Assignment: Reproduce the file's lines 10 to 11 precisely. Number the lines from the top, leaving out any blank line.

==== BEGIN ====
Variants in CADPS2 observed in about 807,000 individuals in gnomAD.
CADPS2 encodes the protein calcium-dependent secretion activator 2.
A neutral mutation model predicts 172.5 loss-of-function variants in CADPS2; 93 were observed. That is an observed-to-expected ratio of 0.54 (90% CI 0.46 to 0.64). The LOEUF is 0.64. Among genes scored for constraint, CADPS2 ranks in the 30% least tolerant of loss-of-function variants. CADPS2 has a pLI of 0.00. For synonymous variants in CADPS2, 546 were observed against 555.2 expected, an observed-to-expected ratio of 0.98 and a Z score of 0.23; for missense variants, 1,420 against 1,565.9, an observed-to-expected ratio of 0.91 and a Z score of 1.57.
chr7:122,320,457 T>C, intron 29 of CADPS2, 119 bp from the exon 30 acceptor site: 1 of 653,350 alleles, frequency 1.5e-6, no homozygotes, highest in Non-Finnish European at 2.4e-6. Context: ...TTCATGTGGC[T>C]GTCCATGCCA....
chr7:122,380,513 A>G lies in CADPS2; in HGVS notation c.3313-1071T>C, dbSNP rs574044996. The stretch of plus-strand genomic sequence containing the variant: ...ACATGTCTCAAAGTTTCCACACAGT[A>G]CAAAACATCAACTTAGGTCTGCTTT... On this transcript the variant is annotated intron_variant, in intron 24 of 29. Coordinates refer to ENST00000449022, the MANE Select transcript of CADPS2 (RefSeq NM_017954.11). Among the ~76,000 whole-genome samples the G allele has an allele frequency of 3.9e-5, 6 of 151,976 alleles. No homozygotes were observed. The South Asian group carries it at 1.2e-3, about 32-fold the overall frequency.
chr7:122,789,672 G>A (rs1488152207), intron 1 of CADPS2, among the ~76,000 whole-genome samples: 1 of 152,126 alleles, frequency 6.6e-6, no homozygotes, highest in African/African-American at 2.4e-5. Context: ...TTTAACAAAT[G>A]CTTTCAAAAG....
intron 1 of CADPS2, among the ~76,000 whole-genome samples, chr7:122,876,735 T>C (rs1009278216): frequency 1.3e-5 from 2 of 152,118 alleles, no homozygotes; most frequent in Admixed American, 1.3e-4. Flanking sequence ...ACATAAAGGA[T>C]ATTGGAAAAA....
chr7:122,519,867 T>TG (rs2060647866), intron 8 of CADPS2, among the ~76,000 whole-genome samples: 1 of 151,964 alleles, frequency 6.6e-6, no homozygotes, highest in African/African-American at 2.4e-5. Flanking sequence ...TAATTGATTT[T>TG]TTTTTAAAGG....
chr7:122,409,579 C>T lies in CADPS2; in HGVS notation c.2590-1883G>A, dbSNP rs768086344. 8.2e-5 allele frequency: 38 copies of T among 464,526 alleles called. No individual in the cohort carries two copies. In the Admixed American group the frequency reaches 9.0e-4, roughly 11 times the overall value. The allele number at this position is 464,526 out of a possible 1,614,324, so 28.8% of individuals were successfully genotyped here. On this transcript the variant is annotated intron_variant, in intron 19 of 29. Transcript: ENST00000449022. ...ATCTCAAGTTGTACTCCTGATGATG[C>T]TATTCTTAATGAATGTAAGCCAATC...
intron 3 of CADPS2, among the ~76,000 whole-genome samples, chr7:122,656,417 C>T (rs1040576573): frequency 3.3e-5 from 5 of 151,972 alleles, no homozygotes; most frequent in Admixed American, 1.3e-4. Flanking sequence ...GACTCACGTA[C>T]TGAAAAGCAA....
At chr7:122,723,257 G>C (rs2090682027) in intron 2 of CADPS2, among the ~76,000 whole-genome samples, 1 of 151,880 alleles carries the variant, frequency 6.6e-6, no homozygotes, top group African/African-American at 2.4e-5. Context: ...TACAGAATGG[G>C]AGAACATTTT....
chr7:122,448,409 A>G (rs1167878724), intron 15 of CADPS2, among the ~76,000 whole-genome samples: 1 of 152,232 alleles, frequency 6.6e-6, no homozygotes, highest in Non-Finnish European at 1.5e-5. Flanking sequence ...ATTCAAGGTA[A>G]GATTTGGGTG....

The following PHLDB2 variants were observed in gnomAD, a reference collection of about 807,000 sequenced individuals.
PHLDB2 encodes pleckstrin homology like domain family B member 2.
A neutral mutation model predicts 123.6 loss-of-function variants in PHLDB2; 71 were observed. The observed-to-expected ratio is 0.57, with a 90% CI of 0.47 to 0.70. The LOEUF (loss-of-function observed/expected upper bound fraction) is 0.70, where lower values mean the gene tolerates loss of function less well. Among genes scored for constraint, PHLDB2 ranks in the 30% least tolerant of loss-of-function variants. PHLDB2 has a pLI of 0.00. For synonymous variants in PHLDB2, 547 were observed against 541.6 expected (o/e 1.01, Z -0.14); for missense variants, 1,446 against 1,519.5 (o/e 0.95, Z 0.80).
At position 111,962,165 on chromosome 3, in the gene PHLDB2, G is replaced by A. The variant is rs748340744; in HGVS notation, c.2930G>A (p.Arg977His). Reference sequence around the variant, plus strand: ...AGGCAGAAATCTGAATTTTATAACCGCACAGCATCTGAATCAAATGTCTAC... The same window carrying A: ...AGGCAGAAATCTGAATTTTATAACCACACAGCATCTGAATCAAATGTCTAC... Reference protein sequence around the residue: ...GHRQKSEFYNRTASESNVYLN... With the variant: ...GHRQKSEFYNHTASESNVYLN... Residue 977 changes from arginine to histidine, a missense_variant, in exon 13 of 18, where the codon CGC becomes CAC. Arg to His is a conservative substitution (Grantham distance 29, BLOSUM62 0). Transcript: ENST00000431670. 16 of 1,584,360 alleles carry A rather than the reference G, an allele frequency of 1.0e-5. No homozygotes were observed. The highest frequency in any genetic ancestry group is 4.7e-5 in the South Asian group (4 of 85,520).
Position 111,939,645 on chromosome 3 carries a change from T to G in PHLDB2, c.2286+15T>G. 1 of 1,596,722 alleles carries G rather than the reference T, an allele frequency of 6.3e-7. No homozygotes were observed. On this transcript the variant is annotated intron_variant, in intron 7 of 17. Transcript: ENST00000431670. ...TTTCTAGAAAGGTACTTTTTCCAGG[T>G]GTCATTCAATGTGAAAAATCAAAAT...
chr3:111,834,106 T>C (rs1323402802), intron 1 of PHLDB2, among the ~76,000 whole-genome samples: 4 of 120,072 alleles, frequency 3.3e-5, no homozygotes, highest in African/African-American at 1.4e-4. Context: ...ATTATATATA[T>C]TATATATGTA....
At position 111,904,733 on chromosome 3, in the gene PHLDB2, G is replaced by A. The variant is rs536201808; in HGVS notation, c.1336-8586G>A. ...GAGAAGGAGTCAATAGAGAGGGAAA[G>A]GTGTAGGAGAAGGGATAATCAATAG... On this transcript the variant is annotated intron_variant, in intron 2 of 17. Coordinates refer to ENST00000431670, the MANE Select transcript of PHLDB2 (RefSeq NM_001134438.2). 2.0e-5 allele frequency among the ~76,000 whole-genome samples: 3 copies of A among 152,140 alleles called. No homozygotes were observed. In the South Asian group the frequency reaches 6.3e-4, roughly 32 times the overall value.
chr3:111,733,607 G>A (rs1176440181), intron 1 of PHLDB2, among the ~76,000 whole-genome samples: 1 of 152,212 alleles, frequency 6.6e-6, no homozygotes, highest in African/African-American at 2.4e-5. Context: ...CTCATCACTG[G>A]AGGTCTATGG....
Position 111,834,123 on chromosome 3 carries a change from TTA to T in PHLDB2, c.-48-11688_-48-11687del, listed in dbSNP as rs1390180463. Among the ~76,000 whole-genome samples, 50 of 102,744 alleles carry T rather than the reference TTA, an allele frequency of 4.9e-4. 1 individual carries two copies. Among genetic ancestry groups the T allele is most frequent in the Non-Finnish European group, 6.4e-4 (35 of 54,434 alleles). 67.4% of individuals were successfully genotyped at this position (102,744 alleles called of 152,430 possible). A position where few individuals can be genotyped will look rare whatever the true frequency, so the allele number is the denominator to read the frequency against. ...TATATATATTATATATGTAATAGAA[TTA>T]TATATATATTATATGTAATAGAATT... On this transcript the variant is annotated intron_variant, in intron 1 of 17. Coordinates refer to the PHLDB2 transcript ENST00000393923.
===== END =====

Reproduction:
intron 3 of CADPS2, among the ~76,000 whole-genome samples, chr7:122,656,417 C>T (rs1040576573): frequency 3.3e-5 from 5 of 151,972 alleles, no homozygotes; most frequent in Admixed American, 1.3e-4. Flanking sequence ...GACTCACGTA[C>T]TGAAAAGCAA....
At chr7:122,723,257 G>C (rs2090682027) in intron 2 of CADPS2, among the ~76,000 whole-genome samples, 1 of 151,880 alleles carries the variant, frequency 6.6e-6, no homozygotes, top group African/African-American at 2.4e-5. Context: ...TACAGAATGG[G>C]AGAACATTTT....